I've had several e-mail discussions this year with Steven Beaty about genus Acroneuria common stones (Perlidae) -- a genus, he feels, is badly in need of re-search and revision. This came up in April when I "might" have discovered an A. internata (see the entries of 4/20 and 4/22), and it came up last month when I found A. arenosa in the Rivanna, a nymph I had previously thought was a "brown" A. abnormis (see the entries of 9/1 and 9/4). In those discussions, Beaty mentioned in passing that if I thought distinguishing those species from one another was tough, just wait until I tried to distinguish A. carolinensis from A. lycorias.
Huh. I've seen -- I thought -- A. carolinensis a lot in the past -- and posted a whole lot of photos -- I've never looked for A. lycorias: I didn't know this ID was in doubt.
I commonly find what I thought were A. carolinensis nymphs in the Doyles River at what I call my upper site, which is where I went this morning. (Actually, I started at Patricia Byrom Park. But with the small streams there virtually dry, I backtracked to the Doyles.) So I thought I would look into this problem.
No problem finding the nymphs: I found two in short order. The one at the top of the page (another photo),
and this one.
So, which are they, Acroneuria carolinensis or Acroneuria lycorias? Let's look at Beaty's descriptions. ("The Plecoptera of North Carolina," p. 14)
A. carolinensis - male nymphs 17-19 mm, female nymphs 21-23 mm; dorsum of head with light M-shaped pattern; dorsum of abdomen banded, anterior half light and posterior margin of tergites dark; anal gills usually absent. Relatively common in the northeastern Mountains and in the Sand hills year round but particularly in the early winter.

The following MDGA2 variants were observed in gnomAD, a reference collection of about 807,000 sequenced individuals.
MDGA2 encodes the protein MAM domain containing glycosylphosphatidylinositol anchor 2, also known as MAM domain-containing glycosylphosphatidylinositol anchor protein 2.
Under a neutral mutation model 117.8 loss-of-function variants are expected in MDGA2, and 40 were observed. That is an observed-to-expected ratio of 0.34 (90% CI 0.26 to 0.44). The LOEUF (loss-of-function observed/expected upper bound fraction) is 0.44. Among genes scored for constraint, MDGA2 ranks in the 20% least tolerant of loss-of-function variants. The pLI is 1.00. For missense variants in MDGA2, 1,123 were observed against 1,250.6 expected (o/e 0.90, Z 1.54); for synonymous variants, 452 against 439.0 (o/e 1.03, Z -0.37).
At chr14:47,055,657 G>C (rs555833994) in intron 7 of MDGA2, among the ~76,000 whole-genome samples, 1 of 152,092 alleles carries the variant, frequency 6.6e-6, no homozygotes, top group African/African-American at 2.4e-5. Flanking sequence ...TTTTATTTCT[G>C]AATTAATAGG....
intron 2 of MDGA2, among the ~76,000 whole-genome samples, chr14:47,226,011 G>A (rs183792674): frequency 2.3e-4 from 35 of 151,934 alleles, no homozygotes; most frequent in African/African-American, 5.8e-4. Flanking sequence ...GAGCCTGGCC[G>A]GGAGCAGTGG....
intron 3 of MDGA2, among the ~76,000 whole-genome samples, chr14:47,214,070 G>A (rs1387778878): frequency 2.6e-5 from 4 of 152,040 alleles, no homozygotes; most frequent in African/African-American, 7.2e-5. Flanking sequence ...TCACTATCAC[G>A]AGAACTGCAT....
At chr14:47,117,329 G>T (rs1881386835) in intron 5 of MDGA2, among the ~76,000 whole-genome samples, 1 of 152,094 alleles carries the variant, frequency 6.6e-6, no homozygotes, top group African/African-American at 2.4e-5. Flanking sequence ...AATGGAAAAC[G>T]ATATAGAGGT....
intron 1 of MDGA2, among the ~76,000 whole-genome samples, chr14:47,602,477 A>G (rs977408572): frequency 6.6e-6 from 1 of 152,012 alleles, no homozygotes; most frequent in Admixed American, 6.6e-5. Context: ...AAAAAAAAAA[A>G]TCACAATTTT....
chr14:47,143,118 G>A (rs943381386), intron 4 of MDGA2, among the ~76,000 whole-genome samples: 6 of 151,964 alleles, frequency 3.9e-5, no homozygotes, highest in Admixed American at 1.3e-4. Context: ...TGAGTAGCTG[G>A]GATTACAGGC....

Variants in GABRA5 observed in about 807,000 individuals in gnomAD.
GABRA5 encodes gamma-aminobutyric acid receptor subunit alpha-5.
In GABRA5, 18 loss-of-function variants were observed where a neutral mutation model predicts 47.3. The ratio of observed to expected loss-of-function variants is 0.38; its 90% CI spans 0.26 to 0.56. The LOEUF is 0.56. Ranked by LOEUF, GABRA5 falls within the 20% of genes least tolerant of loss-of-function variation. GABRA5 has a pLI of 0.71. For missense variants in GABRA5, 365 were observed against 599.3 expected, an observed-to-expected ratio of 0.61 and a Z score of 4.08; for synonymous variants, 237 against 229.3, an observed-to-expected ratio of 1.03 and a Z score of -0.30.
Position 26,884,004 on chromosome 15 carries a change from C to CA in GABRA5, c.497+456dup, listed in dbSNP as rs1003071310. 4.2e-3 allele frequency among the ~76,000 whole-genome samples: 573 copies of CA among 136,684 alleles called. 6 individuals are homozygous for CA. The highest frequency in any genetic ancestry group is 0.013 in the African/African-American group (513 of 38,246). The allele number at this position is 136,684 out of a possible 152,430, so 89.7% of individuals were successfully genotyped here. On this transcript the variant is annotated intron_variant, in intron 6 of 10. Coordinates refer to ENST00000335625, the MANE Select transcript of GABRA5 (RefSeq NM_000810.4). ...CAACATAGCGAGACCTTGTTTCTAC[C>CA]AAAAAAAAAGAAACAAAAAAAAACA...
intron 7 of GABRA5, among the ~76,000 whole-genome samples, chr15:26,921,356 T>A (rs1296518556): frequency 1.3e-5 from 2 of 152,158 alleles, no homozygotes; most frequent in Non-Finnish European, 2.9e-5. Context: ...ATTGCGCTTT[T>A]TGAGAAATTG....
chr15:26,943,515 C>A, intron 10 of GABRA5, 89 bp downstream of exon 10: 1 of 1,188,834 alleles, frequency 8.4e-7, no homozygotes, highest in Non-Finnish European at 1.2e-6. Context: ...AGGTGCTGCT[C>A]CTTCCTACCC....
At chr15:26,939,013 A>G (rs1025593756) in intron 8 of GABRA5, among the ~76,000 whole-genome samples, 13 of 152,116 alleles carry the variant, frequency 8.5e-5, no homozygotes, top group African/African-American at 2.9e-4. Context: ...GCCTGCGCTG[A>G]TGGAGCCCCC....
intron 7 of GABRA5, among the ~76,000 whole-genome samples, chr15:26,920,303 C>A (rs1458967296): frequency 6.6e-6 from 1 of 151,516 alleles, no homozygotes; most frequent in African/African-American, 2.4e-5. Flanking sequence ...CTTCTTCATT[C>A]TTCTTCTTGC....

Perfect fit. Light "M" pattern, tergites banded, dark in back, no anal gills.
A. lycorias -- male nymphs 15-18 mm, female nymphs 17-20 mm; dorsum of head with light well-developed M-shaped pattern; posterior margins of tergites dark; anal gills usually present, sometimes small. ... Found in Mountains (mostly the Catawba River basin) and Sand Hills. Though uncommon, nymphs can be collected year round.
As you can see, the species seem to differ only in one way: the presence or absence of anal gills. Of course the catch is that accoring to Beaty they are usually absent on carolinensis, and usually present on lycorias. That sort of leaves the door open!
Since we can't clearly decide on the species using Beaty's descriptions, let's see if there's other information around. As it turns out the confusion of the two species was noted as early as 1942 by Frison (T. H. Frison, Studies of North American Plecoptera: With Special Reference to the Fauna of Illinois: Urbana, Illinois, Natural History Survey Division, pp. 281-284). On A. carolinensis he says-- "particularly important features of the color pattern are the arrangement of the light and dark areas on the dorsum of the head and the banding of the abdominal tergites; in color pattern the nymph is very similar to lycorias, but it differs from the nymph of lycorias in the lack of anal abdominal gills." (p. 282) It would seem that at that time, at least, the presence or absence of anal gills was taken as definitive. Perhaps things have changed.
Frison does one other thing that might be useful in deciding this matter. He provides full illustrations of both of the nymphs (A. carolinensis, on p. 282; A. lycorias on p. 283). In those illustrations, the head patterns are not exactly the same. The carolinesis head looks exactly like the heads of the nymphs that I found this morning. Note two things: 1) the wide, light area at the back of the head forms an arc that reaches up to the sides of the eyes, and 2) that light area intrudes into the dark transverse band on the head on either side of the ocellar triangle. I.e. this is what we see.
Neither of those things is true on the lycorias head. That is to say, the light area at the back of the head essentially forms a closed rectangle at the back of the head --it isn't shaped like an arc, and it does not intrude into the transverse band. Also, it's completely surrounded by a dark border. So, fill in everything surrounding the rectangle with brown.
What that all comes down to is this: I feel pretty confident that the nymphs that I'm finding are Acroneuria carolinensis, and I'll continue to use that ID. But I will be checking for any sign of anal gills.
Oh. Lots of Strong-case makers in this river as well. Psilotreta labida from what I can tell.
And there was a freshly molted Acroneuria nymph -- probably A. carolinensis -- and this little crittered crawled onto its head while I was taking my photos!